Maintaining the 2 Degrees Target by Shifting Assumptions
- Jun 15, 2013 12:16 am GMTJul 7, 2018 12:55 am GMT
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After two weeks of largely fruitless climate negotiations at the UNFCCC meeting in Bonn/Germany, the world is one step closer to miss the overarching target of international climate policy: limiting the mean temperature increase to 2 degrees Celsius (3.6 degrees Fahrenheit) above pre-industrial levels.
Since it is politically unrealistic to stick to a target that is obviously unattainable, there will be attempts to modify the 2 degrees target in the near future. Basically, there are three options to change the primary target of international climate policy. World leaders could either allow the 2 degrees target to become a benchmark that can be temporarily overshot, accept a less stringent target or give up on a climate stabilization objective altogether.
Applying one of these options would mean to renegotiate a quantified limit that was meant to be non-negotiable, the threshold to “dangerous climate change.” This would result in the end of “science-based” climate policy as we knew it. Neither the European Union, nor Environmental NGOs or mainstream climate science would like to see that happen. And there is one way to avoid this: the more or less deliberate modification of assumptions in climate economics.
Modifying assumptions in climate economics
Eventually, it’s all about adjusting the global carbon budget derived from the 2 degrees target. Carbon budgets were originally calculated to make climate policy goals more accurate than would be possible using simple end point emissions reduction targets. This approach was also intended to create a sense of urgency for short- to medium-term action, above all through the formulation of a last possible peak year and a maximum emissions level for 2020.
But sufficient momentum for urgent action never picked up; global emissions are still rising and the widely accepted maximum levels set for 2020 have already been exceeded (50 Gigatonnes CO2e in 2010 compared to 44 Gt in 2020, according to UNEP’s annual “Emissions Gap Report”). Therefore, if central assumptions of climate economics remain unchanged, climate science will soon be forced to conclusively reject the feasibility of the 2 degrees target.
Changing specific assumptions and boundary conditions is not in itself illegitimate; it is a constitutive element of advances in scientific knowledge. But if assumptions were deliberately changed in order to maintain the 2 degree target, this would certainly be motivated by climate-policy considerations. This process would take place, however, entirely within the domain of climate science or scientific policy advice.
These modifications would not be seen as politically driven, and in fact such interventions would not even be noticed by most climate policy actors. The knowledge base of climate science offers multiple starting points for such an approach, some of which have already been used in the recent past, because, as Celine Guivarch and Stephane Hallegatte put it in their excellent paper 2C or not 2C,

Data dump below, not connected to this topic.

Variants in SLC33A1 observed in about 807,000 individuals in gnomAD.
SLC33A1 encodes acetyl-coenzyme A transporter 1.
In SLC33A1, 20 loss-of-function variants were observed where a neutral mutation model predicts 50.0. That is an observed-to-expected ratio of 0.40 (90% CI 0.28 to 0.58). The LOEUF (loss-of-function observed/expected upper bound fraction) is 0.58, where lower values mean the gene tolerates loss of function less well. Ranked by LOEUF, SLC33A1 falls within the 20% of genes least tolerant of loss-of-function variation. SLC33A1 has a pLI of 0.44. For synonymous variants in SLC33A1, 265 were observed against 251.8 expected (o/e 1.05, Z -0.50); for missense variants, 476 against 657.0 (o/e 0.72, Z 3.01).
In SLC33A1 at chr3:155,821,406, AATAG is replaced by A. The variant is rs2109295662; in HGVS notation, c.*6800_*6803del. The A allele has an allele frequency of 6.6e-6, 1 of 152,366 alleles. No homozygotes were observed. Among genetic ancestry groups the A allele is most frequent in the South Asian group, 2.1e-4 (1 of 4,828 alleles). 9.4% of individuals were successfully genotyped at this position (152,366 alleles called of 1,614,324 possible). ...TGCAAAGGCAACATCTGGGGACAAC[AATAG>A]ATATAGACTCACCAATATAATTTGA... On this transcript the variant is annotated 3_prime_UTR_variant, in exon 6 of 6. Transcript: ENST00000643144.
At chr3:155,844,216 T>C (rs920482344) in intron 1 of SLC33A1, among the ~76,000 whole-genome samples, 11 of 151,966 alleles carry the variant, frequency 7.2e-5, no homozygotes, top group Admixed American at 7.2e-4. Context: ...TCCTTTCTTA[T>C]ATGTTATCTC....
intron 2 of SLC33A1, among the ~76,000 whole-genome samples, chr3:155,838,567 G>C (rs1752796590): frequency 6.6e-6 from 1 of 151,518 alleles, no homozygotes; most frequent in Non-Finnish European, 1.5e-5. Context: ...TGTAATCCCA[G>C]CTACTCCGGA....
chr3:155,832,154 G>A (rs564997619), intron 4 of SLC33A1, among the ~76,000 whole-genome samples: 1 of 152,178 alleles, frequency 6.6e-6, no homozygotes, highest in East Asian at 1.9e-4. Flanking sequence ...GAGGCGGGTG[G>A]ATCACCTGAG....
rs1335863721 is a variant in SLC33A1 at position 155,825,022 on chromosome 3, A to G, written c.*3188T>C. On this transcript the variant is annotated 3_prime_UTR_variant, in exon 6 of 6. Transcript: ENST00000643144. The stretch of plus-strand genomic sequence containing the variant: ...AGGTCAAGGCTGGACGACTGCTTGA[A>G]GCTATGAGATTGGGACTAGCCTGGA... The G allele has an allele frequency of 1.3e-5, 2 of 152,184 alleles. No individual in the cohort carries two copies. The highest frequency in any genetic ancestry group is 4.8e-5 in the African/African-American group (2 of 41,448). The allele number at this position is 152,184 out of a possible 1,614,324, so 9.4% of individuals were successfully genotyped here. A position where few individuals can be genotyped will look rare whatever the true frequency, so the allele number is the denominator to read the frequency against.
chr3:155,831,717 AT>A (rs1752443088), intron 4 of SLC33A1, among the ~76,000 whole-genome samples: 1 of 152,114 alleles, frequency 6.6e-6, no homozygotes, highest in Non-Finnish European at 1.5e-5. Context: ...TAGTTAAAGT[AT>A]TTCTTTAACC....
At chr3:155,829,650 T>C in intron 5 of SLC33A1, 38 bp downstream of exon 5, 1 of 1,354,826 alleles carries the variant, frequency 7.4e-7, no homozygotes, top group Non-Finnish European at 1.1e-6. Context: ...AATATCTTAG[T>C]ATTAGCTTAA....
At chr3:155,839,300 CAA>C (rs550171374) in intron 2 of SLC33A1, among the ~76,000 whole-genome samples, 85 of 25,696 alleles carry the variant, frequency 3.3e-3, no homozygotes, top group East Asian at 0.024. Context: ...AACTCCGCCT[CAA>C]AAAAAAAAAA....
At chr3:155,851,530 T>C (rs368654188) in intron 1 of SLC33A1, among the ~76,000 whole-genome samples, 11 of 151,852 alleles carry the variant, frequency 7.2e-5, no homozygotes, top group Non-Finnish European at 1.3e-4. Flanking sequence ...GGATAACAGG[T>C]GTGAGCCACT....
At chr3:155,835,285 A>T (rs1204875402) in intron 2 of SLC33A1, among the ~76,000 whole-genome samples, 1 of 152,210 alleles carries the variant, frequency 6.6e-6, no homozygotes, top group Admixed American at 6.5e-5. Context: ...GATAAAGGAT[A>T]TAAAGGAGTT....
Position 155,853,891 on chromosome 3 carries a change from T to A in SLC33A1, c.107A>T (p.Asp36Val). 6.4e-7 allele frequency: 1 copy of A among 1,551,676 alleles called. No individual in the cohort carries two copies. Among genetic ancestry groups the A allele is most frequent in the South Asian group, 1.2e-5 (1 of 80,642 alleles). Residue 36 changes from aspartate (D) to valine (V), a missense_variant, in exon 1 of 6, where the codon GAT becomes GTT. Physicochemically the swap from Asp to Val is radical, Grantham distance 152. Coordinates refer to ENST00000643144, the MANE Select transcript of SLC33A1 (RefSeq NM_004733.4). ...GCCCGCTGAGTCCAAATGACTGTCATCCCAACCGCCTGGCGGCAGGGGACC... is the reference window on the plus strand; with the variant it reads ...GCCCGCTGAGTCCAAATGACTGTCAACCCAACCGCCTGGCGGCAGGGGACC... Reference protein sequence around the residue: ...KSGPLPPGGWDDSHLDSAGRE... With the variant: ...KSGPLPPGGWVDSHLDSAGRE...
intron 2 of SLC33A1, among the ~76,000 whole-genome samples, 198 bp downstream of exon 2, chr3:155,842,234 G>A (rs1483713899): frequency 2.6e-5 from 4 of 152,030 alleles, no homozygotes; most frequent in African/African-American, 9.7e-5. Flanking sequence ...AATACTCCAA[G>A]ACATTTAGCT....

“often the policy demand for evaluations of the 2°C target has pushed modelers toward implementing more optimistic assumptions for their mitigation portfolios.”
An increase in the maximum reduction rates after 2020 would have no impact on the overall size of an emissions budget up to 2050. By going significantly beyond the usually assumed—but already quite optimistic—feasibility limit of a global 3 percent emissions reduction per year, the models would be able to capture anticipated delays in reaching the emissions peak. This would also make it possible either to increase the maximum emissions level for 2020 in a gradual manner, or to do without such a figure altogether.
Delaying the last possible peak year – the central “make-or-break” point for climate policy in the carbon budget approach – could also be enabled by reducing the“acceptable” probability of staying below the 2 degrees limit from the approximately 67 percent currently favored by scientific policy advisors to 50 percent, which would extend the remaining emissions budget considerably.
The same effect could be achieved by increasing negative emissions in the second half of the twenty-first century. Most studies on the feasibility of the 2 degree target now assume that we have to be able to significantly reduce the net amount of greenhouse gases in the atmosphere within a few decades, mainly through the combustion of fast-growing biomass in power plants and the subsequent capture and underground storage of the resulting CO2(BECCS). The assumed amount of negative emissions could be raised gradually to compensate for emissions in excess of budgets during the first half of the century.
Sustaining the top-down paradigm
The main result of such interventions, which may also be combined in various ways, would be to enable climate policy to maintain the 2 degrees target for several years longer than originally calculated, despite rising global emissions. The conditions that underpin the EU’s leadership role in international climate policy would remain intact, and the 2 degrees target would continue to function as a central reference point for climate policy. The idea that there is a clear boundary separating “dangerous climate change” from “non-dangerous climate change” could be maintained because the political and economic restrictions that such a boundary would impose would be somewhat relaxed.
In a nutshell: the largely ineffective top-down paradigm that has been dominating international climate policy since 1992 could be sustained for some more years.